Top-ranked Roger Federer's streak of 10 straight Grand Slam finals came to an abrupt end Friday when he lost to No. 3 Novak Djokovic 7-5, 6-3, 7-6 (5) in the Australian Open semifinals.
MELBOURNE, Australia — Top-ranked Roger Federer’s streak of 10 straight Grand Slam finals came to an abrupt end Friday when he lost to No. 3 Novak Djokovic 7-5, 6-3, 7-6 (5) in the Australian Open semifinals.
Federer, who had been seeking his third consecutive title here, didn’t look like the same player who appeared well on his way to winning his 13th major. The emotional Djokovic had a lot to do with that, hitting 13 aces and 50 winners, largely avoiding the nerves that have occasionally troubled him.
“I am just very amazed I coped with the pressure today,” Djokovic said. “In the most important moments, I played my best tennis.”
“It’s just amazing, indescribable, to beat the No. 1 player of the world, one of the best players this sport has ever had, in straight sets.”
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He will face unseeded Jo-Wilfried Tsonga in Sunday’s final. Tsonga beat No. 2 Rafael Nadal in the semifinals Thursday.
In the women’s final Saturday another Serbian, fourth-seeded Ana Ivanovic, will meet No. 5 Maria Sharapova.
Other than a twitchy third-round victory over Janko Tipsarevic that went to 10-8 in the fifth set, Federer has been in good form after a stomach ailment interrupted his pre-tournament preparations. He dominated James Blake in the quarterfinals and appeared to be peaking at the right time.
Instead, he fell to his first straight-sets loss in a Grand Slam tournament since a third-round defeat to Gustavo Kuerten at the 2004 French Open.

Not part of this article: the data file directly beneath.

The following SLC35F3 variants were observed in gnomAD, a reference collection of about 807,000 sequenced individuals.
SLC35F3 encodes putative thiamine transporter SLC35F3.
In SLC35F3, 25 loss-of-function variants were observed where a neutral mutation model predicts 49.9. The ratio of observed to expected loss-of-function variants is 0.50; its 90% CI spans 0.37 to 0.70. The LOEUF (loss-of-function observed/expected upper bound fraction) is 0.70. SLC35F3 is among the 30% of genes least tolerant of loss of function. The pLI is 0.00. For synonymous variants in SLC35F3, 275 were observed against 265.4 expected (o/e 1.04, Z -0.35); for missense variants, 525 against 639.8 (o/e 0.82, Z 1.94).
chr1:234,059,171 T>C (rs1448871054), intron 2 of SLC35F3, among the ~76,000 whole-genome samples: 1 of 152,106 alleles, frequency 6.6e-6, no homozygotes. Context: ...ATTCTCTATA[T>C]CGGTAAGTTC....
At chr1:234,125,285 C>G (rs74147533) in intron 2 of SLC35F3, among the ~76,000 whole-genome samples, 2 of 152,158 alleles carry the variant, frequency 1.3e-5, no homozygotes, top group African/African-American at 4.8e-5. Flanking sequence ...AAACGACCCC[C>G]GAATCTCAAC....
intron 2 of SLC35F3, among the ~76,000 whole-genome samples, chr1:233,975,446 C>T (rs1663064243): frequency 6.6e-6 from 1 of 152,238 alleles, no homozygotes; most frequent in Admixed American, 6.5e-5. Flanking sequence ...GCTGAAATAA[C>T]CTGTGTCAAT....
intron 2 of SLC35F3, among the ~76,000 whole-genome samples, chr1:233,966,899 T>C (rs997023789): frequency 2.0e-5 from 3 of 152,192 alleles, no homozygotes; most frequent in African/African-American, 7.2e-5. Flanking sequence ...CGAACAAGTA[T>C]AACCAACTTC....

“I think he made the more important points today, it was a bit unfortunate for me,” said Federer, who rubbed his eyes frequently at his post-match news conference. “You can’t always play your best. There is no doubt I have played better before.
“I’ve created a monster that I need to win every tournament — still the semifinals isn’t bad.”
Despite a 1-5 record against Federer that included a loss in the U.S. Open final in September, Djokovic was far from intimidated on a muggy night in a packed Rod Laver Arena, even after getting broken in the first set.
Federer, who is usually at his best as the pressure builds toward the end of a set, pulled ahead at 5-3 only to be stunned as Djokovic ran off the last four games, with the Swiss star hitting backhands long on the last two points of the set.
Federer grimaced or hung his head as his groundstrokes and feathery drop shots lacked their usual punch and accuracy, or deserted him entirely.
“He covered the court well,” Federer said. “I couldn’t come up with the passing shot when I needed to.
“There is some sort of a disappointment. The way I tried, that’s all I could give. When you give 100 percent, you’re sort of happy with your performance. It can’t always go your way.”
Djokovic broke him to pull ahead at 3-1 in the second set. He finished off the game by getting to a drop shot on the dead run and flicking a backhand past Federer that kissed the line. Djokovic roared and raised his fist, then repeatedly pounded his chest.
He broke again to pull ahead at 5-1. Serving for the set, Djokovic looked a little tight, and Federer took advantage to break. When he held to make it 5-3, the crowd erupted into chants of “Let’s go Roger, let’s go” that nearly drowned out shouts of “No-vak, No-vak.”
“I felt the crowd was not behind me, but that’s OK … I fight two opponents,” Djokovic said.
Federer forced deuce as Djokovic served again for the set.
Known for his tendency to bounce the ball up to two dozen times before serving, the Serbian got a time delay warning. Instead of being shaken, Djokovic was fired up. He ripped a forehand winner and glared up at chair umpire Pascal Maria of France, then blasted an ace and stared defiantly at Maria again.
The two men combined to fend off seven break points early in the third set. Federer had two chances to break as Djokovic served at 5-6, but the Serbian refused to crack, hitting two great serves, then getting to a drop for a forehand crosscourt winner to force a tiebreaker.
From 3-3, the two players combined for five straight winners, the last a good serve by Djokovic that set up match point. Federer netted a forehand to finish it in 2 hours and 48 minutes.
The crowd slowly rose to its feet, almost in disbelief, before applauding Djokovic, then gave Federer a standing ovation as he quickly left the court.